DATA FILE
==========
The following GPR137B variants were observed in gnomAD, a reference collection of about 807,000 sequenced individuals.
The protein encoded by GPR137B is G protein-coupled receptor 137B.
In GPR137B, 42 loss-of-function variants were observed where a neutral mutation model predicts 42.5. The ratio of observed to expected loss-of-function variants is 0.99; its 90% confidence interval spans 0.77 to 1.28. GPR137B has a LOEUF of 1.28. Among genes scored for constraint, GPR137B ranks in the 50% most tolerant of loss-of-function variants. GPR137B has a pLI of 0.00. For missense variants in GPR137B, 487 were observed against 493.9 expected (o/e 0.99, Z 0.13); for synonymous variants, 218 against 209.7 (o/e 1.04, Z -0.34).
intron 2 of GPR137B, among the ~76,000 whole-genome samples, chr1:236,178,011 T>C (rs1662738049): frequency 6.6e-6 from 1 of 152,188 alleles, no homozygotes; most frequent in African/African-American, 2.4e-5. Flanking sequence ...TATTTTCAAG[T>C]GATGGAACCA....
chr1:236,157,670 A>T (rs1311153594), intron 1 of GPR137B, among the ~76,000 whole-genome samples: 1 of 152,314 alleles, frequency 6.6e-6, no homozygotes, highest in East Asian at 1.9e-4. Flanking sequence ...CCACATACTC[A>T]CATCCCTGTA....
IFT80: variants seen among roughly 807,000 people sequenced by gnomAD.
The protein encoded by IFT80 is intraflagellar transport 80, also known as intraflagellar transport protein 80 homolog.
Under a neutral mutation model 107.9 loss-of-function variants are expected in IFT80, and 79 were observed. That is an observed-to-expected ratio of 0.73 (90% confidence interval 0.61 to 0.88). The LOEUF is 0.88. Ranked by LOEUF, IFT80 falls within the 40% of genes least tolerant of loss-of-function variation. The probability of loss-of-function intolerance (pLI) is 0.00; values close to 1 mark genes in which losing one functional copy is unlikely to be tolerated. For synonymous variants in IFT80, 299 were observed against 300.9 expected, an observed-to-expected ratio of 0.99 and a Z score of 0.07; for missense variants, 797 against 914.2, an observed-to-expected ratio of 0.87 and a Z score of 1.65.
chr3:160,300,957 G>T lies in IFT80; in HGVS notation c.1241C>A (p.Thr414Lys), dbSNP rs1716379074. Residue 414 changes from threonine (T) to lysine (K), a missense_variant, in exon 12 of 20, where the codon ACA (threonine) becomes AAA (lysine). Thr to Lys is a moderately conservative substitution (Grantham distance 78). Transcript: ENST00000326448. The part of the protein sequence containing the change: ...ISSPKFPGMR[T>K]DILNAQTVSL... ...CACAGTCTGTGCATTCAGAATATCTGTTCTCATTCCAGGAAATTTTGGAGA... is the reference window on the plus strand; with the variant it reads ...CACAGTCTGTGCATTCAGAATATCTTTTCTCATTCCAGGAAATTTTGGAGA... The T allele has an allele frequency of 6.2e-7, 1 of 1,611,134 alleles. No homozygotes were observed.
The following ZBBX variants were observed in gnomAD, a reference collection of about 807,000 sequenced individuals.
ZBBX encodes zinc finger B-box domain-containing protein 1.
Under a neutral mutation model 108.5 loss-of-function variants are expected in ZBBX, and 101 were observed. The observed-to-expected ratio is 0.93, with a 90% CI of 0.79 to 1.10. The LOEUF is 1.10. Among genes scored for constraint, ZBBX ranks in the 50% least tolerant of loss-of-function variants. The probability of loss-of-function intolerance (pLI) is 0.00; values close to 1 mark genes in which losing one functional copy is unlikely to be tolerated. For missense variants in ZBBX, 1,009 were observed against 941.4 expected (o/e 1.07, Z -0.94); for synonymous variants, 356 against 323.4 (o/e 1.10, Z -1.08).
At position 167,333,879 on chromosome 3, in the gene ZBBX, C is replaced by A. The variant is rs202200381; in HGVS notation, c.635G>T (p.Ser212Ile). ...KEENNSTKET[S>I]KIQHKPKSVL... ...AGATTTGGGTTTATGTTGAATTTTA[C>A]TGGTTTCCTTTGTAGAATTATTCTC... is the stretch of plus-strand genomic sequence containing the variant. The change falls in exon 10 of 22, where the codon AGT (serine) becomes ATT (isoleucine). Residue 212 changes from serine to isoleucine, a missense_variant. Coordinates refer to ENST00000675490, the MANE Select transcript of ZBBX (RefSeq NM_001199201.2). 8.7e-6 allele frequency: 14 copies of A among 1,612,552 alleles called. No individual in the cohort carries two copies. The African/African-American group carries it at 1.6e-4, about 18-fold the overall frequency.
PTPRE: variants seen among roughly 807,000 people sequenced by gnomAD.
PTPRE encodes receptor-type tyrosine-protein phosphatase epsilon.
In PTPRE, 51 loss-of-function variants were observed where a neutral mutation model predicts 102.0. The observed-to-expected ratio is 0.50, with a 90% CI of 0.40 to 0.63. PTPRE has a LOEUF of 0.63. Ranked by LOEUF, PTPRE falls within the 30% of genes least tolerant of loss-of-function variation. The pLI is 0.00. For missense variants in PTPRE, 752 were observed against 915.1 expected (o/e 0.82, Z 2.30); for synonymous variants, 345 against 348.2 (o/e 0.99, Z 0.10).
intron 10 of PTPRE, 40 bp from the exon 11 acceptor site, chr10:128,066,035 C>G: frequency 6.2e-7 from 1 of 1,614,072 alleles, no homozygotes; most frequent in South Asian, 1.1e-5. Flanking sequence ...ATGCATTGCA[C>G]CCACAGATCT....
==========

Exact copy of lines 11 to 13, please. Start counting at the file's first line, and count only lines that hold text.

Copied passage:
ZBBX encodes zinc finger B-box domain-containing protein 1.
Under a neutral mutation model 108.5 loss-of-function variants are expected in ZBBX, and 101 were observed. The observed-to-expected ratio is 0.93, with a 90% CI of 0.79 to 1.10. The LOEUF is 1.10. Among genes scored for constraint, ZBBX ranks in the 50% least tolerant of loss-of-function variants. The probability of loss-of-function intolerance (pLI) is 0.00; values close to 1 mark genes in which losing one functional copy is unlikely to be tolerated. For missense variants in ZBBX, 1,009 were observed against 941.4 expected (o/e 1.07, Z -0.94); for synonymous variants, 356 against 323.4 (o/e 1.10, Z -1.08).
At position 167,333,879 on chromosome 3, in the gene ZBBX, C is replaced by A. The variant is rs202200381; in HGVS notation, c.635G>T (p.Ser212Ile). ...KEENNSTKET[S>I]KIQHKPKSVL... ...AGATTTGGGTTTATGTTGAATTTTA[C>A]TGGTTTCCTTTGTAGAATTATTCTC... is the stretch of plus-strand genomic sequence containing the variant. The change falls in exon 10 of 22, where the codon AGT (serine) becomes ATT (isoleucine). Residue 212 changes from serine to isoleucine, a missense_variant. Coordinates refer to ENST00000675490, the MANE Select transcript of ZBBX (RefSeq NM_001199201.2). 8.7e-6 allele frequency: 14 copies of A among 1,612,552 alleles called. No individual in the cohort carries two copies. The African/African-American group carries it at 1.6e-4, about 18-fold the overall frequency.